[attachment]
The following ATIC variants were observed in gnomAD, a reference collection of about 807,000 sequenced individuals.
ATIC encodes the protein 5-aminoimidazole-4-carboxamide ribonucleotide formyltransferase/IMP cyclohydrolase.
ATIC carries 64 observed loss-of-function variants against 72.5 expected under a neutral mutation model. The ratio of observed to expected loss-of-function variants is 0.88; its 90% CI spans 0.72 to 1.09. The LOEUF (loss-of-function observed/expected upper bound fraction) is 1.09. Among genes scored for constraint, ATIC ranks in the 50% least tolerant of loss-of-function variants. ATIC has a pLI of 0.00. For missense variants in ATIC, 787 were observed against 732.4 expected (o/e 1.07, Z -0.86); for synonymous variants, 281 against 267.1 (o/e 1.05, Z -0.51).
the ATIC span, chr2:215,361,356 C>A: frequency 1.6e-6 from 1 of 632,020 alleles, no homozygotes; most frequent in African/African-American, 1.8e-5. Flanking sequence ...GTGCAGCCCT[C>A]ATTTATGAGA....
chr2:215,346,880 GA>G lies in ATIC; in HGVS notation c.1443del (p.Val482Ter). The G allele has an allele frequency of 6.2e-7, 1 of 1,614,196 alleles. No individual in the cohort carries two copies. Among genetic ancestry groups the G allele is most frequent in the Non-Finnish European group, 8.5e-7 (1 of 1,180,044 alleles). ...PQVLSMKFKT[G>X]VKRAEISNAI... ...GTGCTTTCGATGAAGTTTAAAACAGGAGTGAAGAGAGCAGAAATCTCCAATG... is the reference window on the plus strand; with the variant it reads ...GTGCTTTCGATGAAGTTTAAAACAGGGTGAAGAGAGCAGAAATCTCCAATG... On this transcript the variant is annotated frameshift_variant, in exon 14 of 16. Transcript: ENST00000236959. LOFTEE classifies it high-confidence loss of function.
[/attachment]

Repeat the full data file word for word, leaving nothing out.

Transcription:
The following ATIC variants were observed in gnomAD, a reference collection of about 807,000 sequenced individuals.
ATIC encodes the protein 5-aminoimidazole-4-carboxamide ribonucleotide formyltransferase/IMP cyclohydrolase.
ATIC carries 64 observed loss-of-function variants against 72.5 expected under a neutral mutation model. The ratio of observed to expected loss-of-function variants is 0.88; its 90% CI spans 0.72 to 1.09. The LOEUF (loss-of-function observed/expected upper bound fraction) is 1.09. Among genes scored for constraint, ATIC ranks in the 50% least tolerant of loss-of-function variants. ATIC has a pLI of 0.00. For missense variants in ATIC, 787 were observed against 732.4 expected (o/e 1.07, Z -0.86); for synonymous variants, 281 against 267.1 (o/e 1.05, Z -0.51).
the ATIC span, chr2:215,361,356 C>A: frequency 1.6e-6 from 1 of 632,020 alleles, no homozygotes; most frequent in African/African-American, 1.8e-5. Flanking sequence ...GTGCAGCCCT[C>A]ATTTATGAGA....
chr2:215,346,880 GA>G lies in ATIC; in HGVS notation c.1443del (p.Val482Ter). The G allele has an allele frequency of 6.2e-7, 1 of 1,614,196 alleles. No individual in the cohort carries two copies. Among genetic ancestry groups the G allele is most frequent in the Non-Finnish European group, 8.5e-7 (1 of 1,180,044 alleles). ...PQVLSMKFKT[G>X]VKRAEISNAI... ...GTGCTTTCGATGAAGTTTAAAACAGGAGTGAAGAGAGCAGAAATCTCCAATG... is the reference window on the plus strand; with the variant it reads ...GTGCTTTCGATGAAGTTTAAAACAGGGTGAAGAGAGCAGAAATCTCCAATG... On this transcript the variant is annotated frameshift_variant, in exon 14 of 16. Transcript: ENST00000236959. LOFTEE classifies it high-confidence loss of function.